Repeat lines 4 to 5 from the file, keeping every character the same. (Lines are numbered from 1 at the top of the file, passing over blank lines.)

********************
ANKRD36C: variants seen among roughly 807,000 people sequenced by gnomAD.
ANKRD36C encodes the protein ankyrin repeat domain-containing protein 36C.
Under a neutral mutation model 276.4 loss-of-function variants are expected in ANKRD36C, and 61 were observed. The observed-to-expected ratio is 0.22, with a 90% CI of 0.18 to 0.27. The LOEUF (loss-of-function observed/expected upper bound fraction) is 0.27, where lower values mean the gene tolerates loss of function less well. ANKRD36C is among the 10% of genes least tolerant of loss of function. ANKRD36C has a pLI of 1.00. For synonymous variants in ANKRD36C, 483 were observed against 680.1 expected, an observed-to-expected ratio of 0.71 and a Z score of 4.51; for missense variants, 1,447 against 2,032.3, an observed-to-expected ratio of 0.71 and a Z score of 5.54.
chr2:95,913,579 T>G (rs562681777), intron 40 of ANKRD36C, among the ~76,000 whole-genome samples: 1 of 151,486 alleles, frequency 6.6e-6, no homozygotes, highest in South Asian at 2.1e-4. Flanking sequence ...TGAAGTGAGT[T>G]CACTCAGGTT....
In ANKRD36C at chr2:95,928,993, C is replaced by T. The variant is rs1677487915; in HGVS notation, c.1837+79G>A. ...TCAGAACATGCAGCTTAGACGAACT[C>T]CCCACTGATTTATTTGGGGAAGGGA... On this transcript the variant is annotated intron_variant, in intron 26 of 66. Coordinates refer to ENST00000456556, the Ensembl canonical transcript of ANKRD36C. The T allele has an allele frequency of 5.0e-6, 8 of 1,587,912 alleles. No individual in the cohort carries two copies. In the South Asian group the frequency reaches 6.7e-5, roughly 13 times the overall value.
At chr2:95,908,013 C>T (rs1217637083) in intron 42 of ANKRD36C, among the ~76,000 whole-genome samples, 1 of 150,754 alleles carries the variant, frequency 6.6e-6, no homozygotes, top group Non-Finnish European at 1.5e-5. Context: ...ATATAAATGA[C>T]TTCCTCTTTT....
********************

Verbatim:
chr2:95,913,579 T>G (rs562681777), intron 40 of ANKRD36C, among the ~76,000 whole-genome samples: 1 of 151,486 alleles, frequency 6.6e-6, no homozygotes, highest in South Asian at 2.1e-4. Flanking sequence ...TGAAGTGAGT[T>G]CACTCAGGTT....
In ANKRD36C at chr2:95,928,993, C is replaced by T. The variant is rs1677487915; in HGVS notation, c.1837+79G>A. ...TCAGAACATGCAGCTTAGACGAACT[C>T]CCCACTGATTTATTTGGGGAAGGGA... On this transcript the variant is annotated intron_variant, in intron 26 of 66. Coordinates refer to ENST00000456556, the Ensembl canonical transcript of ANKRD36C. The T allele has an allele frequency of 5.0e-6, 8 of 1,587,912 alleles. No individual in the cohort carries two copies. In the South Asian group the frequency reaches 6.7e-5, roughly 13 times the overall value.